Andrew Olah, CEO Olah Inc., Kingpins founder

Andrew Olah, CEO Olah Inc., Kingpins founder

Implementing an industry standard hasn't been high on the list of priorities for most textile mills for the simple reason that no-one is asking for it. But this is all about to change as pressure mounts for increased sustainability, ethical production and transparency across the apparel supply chain. And a driving force is coming from an unlikely source – the denim trade show Kingpins – as Andrew Olah, event founder and CEO of textile company Olah Inc, explains.

"There are two approaches to sustainability: one, a genuine commitment to change, and two, being dragged to the altar. The consumer has to be aware of which brand and retailer is doing which," states Andrew Olah, founder of denim trade show Kingpins.

For too long the wool has been pulled over consumers' eyes, he believes – adding that the time for change is now.

"There are two approaches to sustainability: one, a genuine commitment to change, and two, being dragged to the altar"

So now, for the first time since the event's 2004 debut, Kingpins shows will require all exhibiting denim mills to meet or exceed standards in corporate social responsibility (CSR) and environment and chemical usage. 

Why Kingpins?

The ambitious move is part of a bid to improve excellence in the apparel industry, and kicks off at the upcoming edition of Kingpins Amsterdam, taking place from 10-11 April. The show will host 100 exhibitors from around the world, with companies such as Unifi, Lenzing and Jeanologia among the list of exhibitors, as well as fabric mills such as Naveena, Nishat Mills, Absolute Denim and Kipas.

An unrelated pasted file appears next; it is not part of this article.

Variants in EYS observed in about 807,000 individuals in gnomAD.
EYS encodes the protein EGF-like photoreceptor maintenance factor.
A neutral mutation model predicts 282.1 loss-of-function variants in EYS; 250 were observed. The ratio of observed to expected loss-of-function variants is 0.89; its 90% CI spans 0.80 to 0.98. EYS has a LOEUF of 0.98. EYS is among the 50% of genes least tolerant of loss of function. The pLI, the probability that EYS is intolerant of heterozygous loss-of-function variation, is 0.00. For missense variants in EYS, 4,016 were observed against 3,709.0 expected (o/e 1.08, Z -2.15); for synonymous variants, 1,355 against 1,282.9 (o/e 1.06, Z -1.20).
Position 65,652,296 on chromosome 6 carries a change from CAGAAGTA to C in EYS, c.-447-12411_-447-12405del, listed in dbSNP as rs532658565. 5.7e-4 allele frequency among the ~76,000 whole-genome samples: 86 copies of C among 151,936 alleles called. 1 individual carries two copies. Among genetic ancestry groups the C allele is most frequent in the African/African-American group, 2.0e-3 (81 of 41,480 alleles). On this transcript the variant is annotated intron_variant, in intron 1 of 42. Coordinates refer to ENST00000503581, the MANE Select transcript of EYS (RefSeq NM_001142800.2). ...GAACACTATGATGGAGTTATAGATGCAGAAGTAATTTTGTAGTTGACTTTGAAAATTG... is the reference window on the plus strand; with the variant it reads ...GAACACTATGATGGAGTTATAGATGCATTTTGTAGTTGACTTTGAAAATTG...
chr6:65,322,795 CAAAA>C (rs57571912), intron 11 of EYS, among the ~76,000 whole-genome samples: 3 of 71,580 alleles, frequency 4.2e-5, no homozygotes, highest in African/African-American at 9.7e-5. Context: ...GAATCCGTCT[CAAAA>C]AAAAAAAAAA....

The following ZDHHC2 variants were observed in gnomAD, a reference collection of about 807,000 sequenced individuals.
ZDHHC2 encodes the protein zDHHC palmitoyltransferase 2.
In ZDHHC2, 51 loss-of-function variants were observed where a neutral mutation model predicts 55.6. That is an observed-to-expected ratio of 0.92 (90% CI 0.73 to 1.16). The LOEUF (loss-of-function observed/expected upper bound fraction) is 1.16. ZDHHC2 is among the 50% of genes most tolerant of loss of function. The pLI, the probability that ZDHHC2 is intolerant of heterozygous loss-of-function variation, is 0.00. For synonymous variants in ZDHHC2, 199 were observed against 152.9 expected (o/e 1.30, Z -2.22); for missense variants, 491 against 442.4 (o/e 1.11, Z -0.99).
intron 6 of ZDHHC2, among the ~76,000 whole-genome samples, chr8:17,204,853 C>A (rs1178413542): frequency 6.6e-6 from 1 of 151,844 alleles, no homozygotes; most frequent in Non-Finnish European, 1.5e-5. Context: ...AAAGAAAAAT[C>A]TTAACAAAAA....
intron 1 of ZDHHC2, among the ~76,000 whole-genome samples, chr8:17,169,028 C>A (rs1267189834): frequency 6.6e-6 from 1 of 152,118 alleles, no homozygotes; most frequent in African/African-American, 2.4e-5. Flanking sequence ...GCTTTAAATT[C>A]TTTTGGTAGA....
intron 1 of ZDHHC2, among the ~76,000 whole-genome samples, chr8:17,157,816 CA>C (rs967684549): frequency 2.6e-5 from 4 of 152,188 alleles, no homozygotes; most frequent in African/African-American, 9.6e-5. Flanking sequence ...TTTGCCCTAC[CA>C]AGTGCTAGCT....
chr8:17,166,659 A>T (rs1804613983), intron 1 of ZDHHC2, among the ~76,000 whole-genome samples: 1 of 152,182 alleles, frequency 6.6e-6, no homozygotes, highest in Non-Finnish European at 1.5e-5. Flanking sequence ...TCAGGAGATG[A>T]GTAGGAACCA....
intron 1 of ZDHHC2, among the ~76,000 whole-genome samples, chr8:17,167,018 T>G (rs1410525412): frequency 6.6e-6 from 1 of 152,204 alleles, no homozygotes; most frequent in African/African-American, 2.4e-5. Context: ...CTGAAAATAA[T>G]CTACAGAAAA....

Olah says there is a lot of talk about "doing something" to bring about change in the industry, even among participants at the Kingpins shows in New York, Amsterdam and China. While organisers wanted to take this a step further and venture beyond just talk, it is a challenging move for a trade show given its purpose is primarily bringing people from the industry together. 

"We thought, well, what if we had a standard? A minimum requirement of behaviour to exhibit. We thought the Amsterdam show might be the perfect place to start."

The first required standard will address CSR, since Olah finds it "disappointing" that in terms of social compliance "virtually none" of the exhibiting denim mills have an SA 8000 certification (an auditable certification encouraging organisations to develop, maintain and apply socially acceptable practices in the workplace), or a WRAP certification (ensuring manufactured products are produced under lawful, humane and ethical conditions).

Going forward, in order to participate in the shows, exhibiting denim mills will be required to adhere to any one of the many industry standards that exist.